I believe coming effects of the Betting on Zero documentary have been vastly understated and underestimated by the market and I am in a unique position to comment on it, having been one of the few who has had a chance to view the film prior to its release. I also believe that the company’s latest financing and corresponding buyback could possibly be used to take Carl Icahn out of his position in the company. The new and growing debt burden that the company now has to deal with and service in an environment where rates are going up could wind up being devastating, as I predict the core of the business will continue to deteriorate, eventually giving way only to a balance sheet with a book value of $2.11 per share.

Also to blame for what I believe will be Herbalife’s continued deterioration this year is a reduction in growth for the company’s largest market, China. In a small informal blog post I put up a week ago, I pointed out that I thought there was something weird about the company’s new joint venture with China-based company Tasly. While I believe that the deterioration of growth and this joint venture are likely tied together one way or another, I have yet to fill in the missing link between the two. What is for certain is that, across the board, the company’s core business is deteriorating. Analyst estimates continue to come down, the company’s guidance continues to get lower, and the GAAP numbers tell a starkly different tale than the company’s “adjusted” Non-GAAP guidance. It is using these numbers that has helped me arrive at the belief that Herbalife could very easily be worth a fraction of what it is worth today in just a few short months.

We have already seen significant selling over the past few trading days, as the stock has moved from around $60, where it was after earnings, to about $53, where it trades today. I believe this to be the

Under $30 beginning of a much larger downtrend that could once and for all wrap up the Herbalife story for the most part.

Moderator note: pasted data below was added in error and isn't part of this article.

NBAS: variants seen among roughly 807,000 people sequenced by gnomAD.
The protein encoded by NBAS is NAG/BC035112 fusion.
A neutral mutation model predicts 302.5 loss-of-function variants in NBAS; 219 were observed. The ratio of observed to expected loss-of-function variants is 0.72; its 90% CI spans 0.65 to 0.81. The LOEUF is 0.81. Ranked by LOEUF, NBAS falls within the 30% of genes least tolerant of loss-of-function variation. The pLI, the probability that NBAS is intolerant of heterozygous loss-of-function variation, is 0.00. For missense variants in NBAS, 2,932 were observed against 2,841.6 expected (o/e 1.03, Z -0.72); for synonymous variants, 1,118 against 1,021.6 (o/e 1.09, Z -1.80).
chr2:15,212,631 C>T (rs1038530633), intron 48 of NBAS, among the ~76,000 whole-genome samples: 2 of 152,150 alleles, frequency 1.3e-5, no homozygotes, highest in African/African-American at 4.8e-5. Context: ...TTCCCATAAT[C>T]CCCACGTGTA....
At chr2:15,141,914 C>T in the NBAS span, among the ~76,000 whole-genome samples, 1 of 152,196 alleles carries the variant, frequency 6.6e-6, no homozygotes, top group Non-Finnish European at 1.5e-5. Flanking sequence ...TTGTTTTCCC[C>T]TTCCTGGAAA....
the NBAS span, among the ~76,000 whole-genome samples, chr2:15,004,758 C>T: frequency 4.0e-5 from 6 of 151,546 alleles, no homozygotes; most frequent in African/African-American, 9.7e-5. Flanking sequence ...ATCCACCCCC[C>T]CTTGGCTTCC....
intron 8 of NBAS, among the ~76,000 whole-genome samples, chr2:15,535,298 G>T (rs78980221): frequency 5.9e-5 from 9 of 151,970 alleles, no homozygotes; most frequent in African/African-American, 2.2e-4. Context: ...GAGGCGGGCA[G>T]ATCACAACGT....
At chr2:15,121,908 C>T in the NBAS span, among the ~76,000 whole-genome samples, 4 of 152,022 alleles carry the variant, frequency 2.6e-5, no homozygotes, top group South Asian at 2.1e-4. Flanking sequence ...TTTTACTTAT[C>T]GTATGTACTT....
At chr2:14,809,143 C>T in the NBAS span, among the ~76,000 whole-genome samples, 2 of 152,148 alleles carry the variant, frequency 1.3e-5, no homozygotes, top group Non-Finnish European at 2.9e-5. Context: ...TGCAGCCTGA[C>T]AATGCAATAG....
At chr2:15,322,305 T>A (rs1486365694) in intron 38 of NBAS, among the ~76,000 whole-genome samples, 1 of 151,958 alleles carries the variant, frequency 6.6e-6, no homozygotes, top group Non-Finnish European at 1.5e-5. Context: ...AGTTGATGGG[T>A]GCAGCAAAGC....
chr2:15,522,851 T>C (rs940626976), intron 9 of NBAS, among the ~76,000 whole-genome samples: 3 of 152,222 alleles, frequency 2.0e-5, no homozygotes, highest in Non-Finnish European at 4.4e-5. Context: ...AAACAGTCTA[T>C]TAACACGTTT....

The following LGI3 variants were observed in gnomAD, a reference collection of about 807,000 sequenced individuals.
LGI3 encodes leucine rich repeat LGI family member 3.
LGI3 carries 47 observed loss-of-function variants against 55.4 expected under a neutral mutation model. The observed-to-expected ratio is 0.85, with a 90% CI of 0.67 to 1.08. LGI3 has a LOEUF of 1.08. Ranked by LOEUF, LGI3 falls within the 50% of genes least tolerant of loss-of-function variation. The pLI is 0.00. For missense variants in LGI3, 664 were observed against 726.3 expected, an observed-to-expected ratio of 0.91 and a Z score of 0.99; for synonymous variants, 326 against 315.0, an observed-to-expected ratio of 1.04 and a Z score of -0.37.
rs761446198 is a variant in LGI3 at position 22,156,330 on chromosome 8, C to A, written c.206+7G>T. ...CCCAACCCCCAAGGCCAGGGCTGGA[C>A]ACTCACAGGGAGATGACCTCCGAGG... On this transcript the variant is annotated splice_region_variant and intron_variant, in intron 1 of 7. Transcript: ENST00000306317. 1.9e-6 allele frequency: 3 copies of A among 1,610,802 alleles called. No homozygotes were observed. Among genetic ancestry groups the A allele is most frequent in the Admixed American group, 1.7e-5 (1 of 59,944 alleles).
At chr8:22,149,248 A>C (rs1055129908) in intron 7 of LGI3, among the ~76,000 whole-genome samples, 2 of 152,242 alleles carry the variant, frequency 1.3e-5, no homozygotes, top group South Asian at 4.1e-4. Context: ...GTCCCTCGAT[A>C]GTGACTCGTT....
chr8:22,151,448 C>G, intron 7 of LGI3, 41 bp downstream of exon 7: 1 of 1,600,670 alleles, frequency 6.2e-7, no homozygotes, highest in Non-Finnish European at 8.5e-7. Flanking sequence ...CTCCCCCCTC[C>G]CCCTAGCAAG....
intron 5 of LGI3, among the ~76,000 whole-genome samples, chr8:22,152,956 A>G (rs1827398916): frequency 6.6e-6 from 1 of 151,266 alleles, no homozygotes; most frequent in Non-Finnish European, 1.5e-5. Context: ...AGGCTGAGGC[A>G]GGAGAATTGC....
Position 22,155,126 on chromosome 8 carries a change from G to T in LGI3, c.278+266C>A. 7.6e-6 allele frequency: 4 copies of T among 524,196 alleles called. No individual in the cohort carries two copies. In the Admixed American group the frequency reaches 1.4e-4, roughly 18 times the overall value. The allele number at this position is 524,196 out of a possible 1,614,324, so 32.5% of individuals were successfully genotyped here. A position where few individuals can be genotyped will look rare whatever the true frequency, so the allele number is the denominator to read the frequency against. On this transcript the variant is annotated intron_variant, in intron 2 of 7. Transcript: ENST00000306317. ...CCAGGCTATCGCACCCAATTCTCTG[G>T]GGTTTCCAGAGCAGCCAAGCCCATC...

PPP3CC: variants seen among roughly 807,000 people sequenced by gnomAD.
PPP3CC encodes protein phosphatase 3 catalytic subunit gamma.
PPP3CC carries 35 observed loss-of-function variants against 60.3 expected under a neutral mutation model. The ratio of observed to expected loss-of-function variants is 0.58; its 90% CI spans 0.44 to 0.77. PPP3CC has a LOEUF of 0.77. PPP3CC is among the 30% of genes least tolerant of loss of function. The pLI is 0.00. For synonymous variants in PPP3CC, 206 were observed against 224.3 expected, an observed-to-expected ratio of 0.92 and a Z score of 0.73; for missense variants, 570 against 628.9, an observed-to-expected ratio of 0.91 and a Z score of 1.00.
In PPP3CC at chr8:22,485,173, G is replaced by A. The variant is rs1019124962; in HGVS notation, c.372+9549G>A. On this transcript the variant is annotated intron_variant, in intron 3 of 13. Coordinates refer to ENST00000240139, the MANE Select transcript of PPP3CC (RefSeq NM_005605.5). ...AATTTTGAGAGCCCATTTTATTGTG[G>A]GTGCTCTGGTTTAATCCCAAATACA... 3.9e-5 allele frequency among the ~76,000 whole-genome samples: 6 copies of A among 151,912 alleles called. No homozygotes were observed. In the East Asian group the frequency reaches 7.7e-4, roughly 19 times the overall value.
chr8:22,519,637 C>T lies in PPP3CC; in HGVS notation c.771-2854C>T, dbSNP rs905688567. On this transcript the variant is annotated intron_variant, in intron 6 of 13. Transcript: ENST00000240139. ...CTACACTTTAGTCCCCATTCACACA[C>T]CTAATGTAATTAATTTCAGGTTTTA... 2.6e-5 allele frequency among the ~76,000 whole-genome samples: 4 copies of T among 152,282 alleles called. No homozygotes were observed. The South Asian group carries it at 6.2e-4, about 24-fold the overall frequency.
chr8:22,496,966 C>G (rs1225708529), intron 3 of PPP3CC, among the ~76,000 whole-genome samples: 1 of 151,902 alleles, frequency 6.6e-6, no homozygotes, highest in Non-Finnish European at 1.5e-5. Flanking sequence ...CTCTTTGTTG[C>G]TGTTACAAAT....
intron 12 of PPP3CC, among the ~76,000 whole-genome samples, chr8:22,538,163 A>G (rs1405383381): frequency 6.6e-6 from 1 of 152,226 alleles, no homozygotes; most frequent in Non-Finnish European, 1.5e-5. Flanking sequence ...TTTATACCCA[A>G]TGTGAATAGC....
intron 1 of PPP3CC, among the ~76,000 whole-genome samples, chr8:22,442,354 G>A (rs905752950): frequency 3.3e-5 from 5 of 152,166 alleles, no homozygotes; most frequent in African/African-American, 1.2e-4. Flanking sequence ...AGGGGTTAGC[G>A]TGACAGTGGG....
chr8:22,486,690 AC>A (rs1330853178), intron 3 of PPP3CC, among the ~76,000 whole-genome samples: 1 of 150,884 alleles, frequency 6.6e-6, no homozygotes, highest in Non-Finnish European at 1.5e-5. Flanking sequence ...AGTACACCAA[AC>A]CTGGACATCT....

Betting on Zero Could Be PR Armageddon

The first thing that needs to be addressed is what I believe to be a vast under-estimation and flippant attitude towards a coming documentary that will be available nationally, as well as on subscription services that have millions of international subscribers. Everyone knows that Betting on Zero is going to be released on March 17 of this year. What everybody doesn’t know is exactly how devastating the film could be for the company.

It has been asserted over the last few years by me that much of Herbalife’s organic internal growth comes from the confidence of its distributors and the confidence that those distributors have in their ability to earn from potential new recruits. This film will be the first effective instance of taking what is otherwise a Wall Street story and boiling it down to a gut wrenching and stomach churning experience that any average movie watcher can experience. It could wreck the confidence of millions of potential recruits, as well as potential existing distributors.

I went into the world premiere of Betting on Zero at Tribeca having seen everything that has to do with Herbalife. Because the company declined to participate in the documentary, much of the story was produced using financial news clips and publicly available documentation on the company. These interviews and details I have memorized